On March 23, Future Tense—a partnership of Slate, the New America Foundation, and Arizona State University that explores emerging technologies, policy, and society—will hold a live event in Washington, D.C., on the concept of resilience. Academics, policymakers, and other experts will discuss resilience in the environment, business, national security, even the Constitution. Slate’s Matt Yglesias and Emily Bazelon will be there, too. To learn more and to RSVP, click here.
When most people look at sharks, they’d be hardpressed to find any redeeming features. Many of them have ferocious jaws, sandpapery skin, and frightening senses that can zero in on their hidden prey. Their best assets, in other words, are threats to our existence.
But these predatory advantages hold the promise of engineering solutions that could help sustain—rather rather than kill—humans. Their hardened skin has inspired faster ships; their ability to detect weak vibrations underwater may eventually yield a better battery. The movie Jaws convinced us that sharks are unparalleled stalkers, but it failed to capture how these skills could apply to our daily existence.
The field of biomimicry—imitating a natural process for human purposes—has existed for decades. In 1948, Swiss inventor George de Mestral took a hike in the Alps with his dog, and after they both returned covered in burrs, de Mestral examined the seed sacs under a microscope. He mimicked the mechanism they used to attach themselves to softer surfaces—firm hooks paired with loops—to create Velcro, the ubiquitous fastener that has practically eliminated the need for children in developed countries to learn to tie their shoelaces.
But in recent years the idea has taken on more urgency, especially among environmentalists. According to the fossil record, the historic rate of extinction was roughly one species per million before humans started having a major impact on the planet; experts such as biologist E.O. Wilson estimate that humans have accelerated this rate by a factor of at least 1,000, if not 10,000. Roughly one-third of all shark species worldwide face some threat of extinction, according to the International Union for Conservation of Nature.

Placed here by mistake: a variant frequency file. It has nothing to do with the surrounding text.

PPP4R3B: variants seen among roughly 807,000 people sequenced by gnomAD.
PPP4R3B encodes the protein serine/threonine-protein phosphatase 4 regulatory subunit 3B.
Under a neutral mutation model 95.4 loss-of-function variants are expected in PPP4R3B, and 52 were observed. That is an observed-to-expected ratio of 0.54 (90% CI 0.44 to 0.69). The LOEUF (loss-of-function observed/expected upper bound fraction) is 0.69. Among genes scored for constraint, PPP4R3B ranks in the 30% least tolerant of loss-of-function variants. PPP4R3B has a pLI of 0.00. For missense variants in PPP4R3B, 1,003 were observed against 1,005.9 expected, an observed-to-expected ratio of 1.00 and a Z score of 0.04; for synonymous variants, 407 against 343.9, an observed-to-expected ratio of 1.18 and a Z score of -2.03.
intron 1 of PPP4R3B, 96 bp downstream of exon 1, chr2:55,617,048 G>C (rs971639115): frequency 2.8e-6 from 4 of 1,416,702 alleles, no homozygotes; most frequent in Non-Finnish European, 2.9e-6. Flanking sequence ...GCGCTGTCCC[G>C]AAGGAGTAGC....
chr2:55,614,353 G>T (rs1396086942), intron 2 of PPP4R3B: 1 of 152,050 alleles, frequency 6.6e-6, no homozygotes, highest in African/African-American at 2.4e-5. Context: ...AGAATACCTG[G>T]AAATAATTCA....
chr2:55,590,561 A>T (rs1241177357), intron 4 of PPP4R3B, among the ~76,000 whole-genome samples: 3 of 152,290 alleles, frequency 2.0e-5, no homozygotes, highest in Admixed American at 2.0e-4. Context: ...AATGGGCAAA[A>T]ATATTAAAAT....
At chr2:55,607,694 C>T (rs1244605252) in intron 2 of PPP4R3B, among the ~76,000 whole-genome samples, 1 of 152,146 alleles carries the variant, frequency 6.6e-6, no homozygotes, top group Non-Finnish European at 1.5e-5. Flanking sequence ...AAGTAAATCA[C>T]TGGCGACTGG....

People are moved by the plights of endangered animals, but that sympathy typically does not amount to much. Biomimicry offers a new way to save animals like sharks—by appealing to humanity’s profit-minded nature. If plant and animal species can inspire technological innovation, points out the U.N. Environmental Programme’s Nick Nutall, they can earn their keep: “In a world fascinated by GDP, if you cannot demonstrate the value of nature it’s always going to be subject to the ups and downs and vagaries of nations’ economies,” he says.
The list of possible breakthroughs inspired by shark physiology is a lengthy one.
In additional to boasting all of the ordinary senses that humans have, sharks possess something called electroreception. A row of small holes that runs from head to tail picks up weak vibrations. This network, along with tiny, fluid-filled sacs in their snouts and chins known as ampullae of Lorenzini, helps sharks find fish buried in the sand because they can detect the electromagnetic fields generated by a fish’s beating heart or gills. Other fish have a lateral line to sense movement, but they do not have the gelatinous material that serves as a conductor for electric vibrations, radiating these signals out to a shark’s nervous system. Scientists across the United States are hoping to capitalize on sharks’ unique voltage-charged gel for practical purposes. University of San Francisco physics professor Brandon R. Brown has extracted the material from dead sharks to gauge its thermal sensitivity, while Case Western Reserve University nanoengineering professor Alexis Abramson has explored developing a synthetic gel with similar thermoelectric properties that could be used to convert waste heat, from devices such as a car engine, into usable electricity.
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